Filmed on Friday March 12, 02004

Rusty Schweickart

The Asteroid Threat Over the Next 100,000 Years

The epitome of long-term thinking is to take seriously the protection of the Earth from massive asteroid impacts, which in the past have extincted as much as 90% of life on Earth.

On Friday, March 12, astronaut Rusty Schweickart will give a public lecture titled "The Asteroid Threat Over the Next 100,000 Years." It will detail graphically the results of his research on asteroid impact frequency and damage, along with what it will take to find and deflect future threatening asteroids.

Asteroid threat report

Schweickart filled the hall with some 240 at the Presidio Officers Club and gave a dazzling lecture. He left the next day for Washington DC to lobby Congress to apply its will to making the Earth safe for the very long term.

"For life to survive in planetary systems," said Schweickart, "it has to figure out how to deal with massive asteroid impacts. Who knows how many advanced life forms in the universe have failed or passed that test. Humanity is just now on that cusp. We have the knowledge and the ability---if not yet the will---to prevent future large-scale extinction events from asteroids."

Data-rich, graphics-rich, and huge in conceptual scale, it was the most long-now Seminar yet---"The Asteroid Threat Over the Next 100,000 Years."

Impact craters everywhere---Moon, Mercury, Mars; even asteroids have craters from other asteroids. (And occasional comets---1% of the source of impacts is from comets, as we saw very recently when a fragmented comet carpet-bombed Jupiter.) "How many asteroids are in the asteroid belt between Mars and Jupiter? Pick a number. But if it doesn't have at least nine zeroes after it, it's wrong."

Rusty's presentation was full of lore. Most asteroids are stone, but they are light---they absorb impact like Styrofoam. There are 100,000 shooting stars every night on Earth---small asteroids. Meteorites are COLD when they land, not hot (the deep cold of space is preserved, while the air-friction hot surface ablates away.) Air bursts from large asteroids cause more damage than ground strikes, and ocean impacts can cause tremendously destructive tsunamis. With really large impacts, the planets exchange material---Mars rocks on Earth, Earth rocks on Mars.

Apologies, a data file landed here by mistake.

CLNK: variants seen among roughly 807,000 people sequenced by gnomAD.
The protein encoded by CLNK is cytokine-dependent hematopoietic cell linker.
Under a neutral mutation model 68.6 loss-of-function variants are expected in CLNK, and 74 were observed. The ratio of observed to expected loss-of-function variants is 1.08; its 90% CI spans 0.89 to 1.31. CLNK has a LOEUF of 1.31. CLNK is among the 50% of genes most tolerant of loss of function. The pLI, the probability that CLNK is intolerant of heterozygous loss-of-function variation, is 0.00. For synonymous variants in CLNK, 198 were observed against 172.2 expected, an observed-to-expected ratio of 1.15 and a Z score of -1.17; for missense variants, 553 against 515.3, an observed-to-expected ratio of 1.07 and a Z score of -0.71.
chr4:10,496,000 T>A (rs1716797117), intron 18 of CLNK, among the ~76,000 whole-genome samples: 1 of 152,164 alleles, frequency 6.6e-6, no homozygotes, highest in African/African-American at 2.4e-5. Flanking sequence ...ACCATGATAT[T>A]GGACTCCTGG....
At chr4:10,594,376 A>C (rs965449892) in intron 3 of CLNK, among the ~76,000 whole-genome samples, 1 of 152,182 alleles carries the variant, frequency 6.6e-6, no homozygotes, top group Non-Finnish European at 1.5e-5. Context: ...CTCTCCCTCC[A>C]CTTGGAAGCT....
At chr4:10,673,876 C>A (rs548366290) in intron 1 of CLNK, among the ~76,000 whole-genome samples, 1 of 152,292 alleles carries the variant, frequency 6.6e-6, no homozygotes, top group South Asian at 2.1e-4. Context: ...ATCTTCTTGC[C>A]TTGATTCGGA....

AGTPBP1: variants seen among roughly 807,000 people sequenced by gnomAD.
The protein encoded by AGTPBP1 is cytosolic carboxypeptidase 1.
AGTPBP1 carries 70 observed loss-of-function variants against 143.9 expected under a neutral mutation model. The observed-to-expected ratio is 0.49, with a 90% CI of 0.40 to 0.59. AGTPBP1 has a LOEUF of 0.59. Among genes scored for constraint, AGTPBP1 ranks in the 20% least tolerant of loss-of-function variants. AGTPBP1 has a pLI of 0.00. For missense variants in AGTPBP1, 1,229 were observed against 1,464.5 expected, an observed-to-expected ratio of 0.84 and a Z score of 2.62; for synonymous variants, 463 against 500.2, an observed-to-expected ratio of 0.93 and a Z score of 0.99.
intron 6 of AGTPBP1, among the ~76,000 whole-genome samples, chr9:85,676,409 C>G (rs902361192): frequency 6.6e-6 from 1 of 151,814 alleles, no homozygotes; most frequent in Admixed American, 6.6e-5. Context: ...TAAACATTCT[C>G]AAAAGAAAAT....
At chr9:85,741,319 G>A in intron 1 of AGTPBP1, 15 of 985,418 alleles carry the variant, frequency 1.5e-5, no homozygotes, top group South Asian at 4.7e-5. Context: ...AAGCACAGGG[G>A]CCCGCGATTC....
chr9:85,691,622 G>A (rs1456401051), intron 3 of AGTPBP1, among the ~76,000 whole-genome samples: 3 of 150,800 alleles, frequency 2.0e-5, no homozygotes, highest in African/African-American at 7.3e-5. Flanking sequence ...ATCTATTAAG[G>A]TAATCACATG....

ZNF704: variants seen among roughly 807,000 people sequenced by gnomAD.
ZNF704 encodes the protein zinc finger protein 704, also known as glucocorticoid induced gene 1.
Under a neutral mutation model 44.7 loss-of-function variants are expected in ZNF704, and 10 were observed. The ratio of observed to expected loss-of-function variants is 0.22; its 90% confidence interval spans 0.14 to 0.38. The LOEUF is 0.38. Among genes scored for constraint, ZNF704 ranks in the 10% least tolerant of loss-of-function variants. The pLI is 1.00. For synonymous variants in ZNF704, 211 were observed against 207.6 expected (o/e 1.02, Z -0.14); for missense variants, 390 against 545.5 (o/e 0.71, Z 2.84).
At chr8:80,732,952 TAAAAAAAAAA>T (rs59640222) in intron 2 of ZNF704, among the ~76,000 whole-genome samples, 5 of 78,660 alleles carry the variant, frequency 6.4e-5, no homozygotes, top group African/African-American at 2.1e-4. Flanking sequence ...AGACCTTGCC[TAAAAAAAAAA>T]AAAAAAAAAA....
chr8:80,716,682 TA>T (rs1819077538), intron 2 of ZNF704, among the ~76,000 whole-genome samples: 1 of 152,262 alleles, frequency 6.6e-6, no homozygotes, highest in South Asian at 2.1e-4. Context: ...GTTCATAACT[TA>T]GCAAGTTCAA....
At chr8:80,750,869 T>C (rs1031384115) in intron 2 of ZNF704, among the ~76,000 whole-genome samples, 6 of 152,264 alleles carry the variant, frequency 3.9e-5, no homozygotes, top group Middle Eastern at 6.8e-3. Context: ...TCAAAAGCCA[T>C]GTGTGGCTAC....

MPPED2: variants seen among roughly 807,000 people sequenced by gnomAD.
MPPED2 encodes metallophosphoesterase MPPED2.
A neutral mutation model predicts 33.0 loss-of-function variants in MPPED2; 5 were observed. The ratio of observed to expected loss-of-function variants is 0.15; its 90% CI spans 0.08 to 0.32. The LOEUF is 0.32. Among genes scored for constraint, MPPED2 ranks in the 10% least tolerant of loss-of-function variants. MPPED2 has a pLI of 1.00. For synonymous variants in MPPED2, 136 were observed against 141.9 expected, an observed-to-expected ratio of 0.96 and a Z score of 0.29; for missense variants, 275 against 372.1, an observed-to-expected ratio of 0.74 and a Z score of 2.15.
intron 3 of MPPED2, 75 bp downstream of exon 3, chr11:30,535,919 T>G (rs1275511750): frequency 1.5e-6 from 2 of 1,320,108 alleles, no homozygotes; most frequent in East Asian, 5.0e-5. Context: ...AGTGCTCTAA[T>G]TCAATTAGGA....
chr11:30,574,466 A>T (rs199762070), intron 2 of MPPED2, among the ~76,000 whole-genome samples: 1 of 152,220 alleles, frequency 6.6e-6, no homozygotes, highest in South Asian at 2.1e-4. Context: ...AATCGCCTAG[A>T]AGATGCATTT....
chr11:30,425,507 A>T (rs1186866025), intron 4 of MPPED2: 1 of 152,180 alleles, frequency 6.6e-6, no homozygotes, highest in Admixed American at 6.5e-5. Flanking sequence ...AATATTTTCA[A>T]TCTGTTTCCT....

When the last major-extinction impact occurred in Yucatan 65 million years ago, 10% of the stupendous blast debris exploded clear away from the Earth, while the other 90% rained down incandescent with re-entry all over the Earth for 90 minutes of burning sky---everything flammable on Earth burned up, and one meter of the oceans boiled off. (That was a 10-kilometer asteroid; when a 200-kilometer asteroid hits, it boils off the whole oceans). Then there was no sunlight for several years. 65% of all species on Earth ceased to exist, including the super-dominant dinosaurs. They failed the asteroid test.

Rusty showed a diagram with all important asteroid data in it. The power-law distribution (many small, few large) is so perfect you can directly correlate frequency of impact with size of asteroid and energy released in megatons and the damage that would result. (Calibration: the largest nuclear weapon tested was a Soviet bomb of 58 megatons---6,000 times the force of the Hiroshima bomb. The 1908 air-burst of an asteroid over Tunguska, Siberia, made an 11-megaton explosion that flattened 2,100 square kilometers of forest.)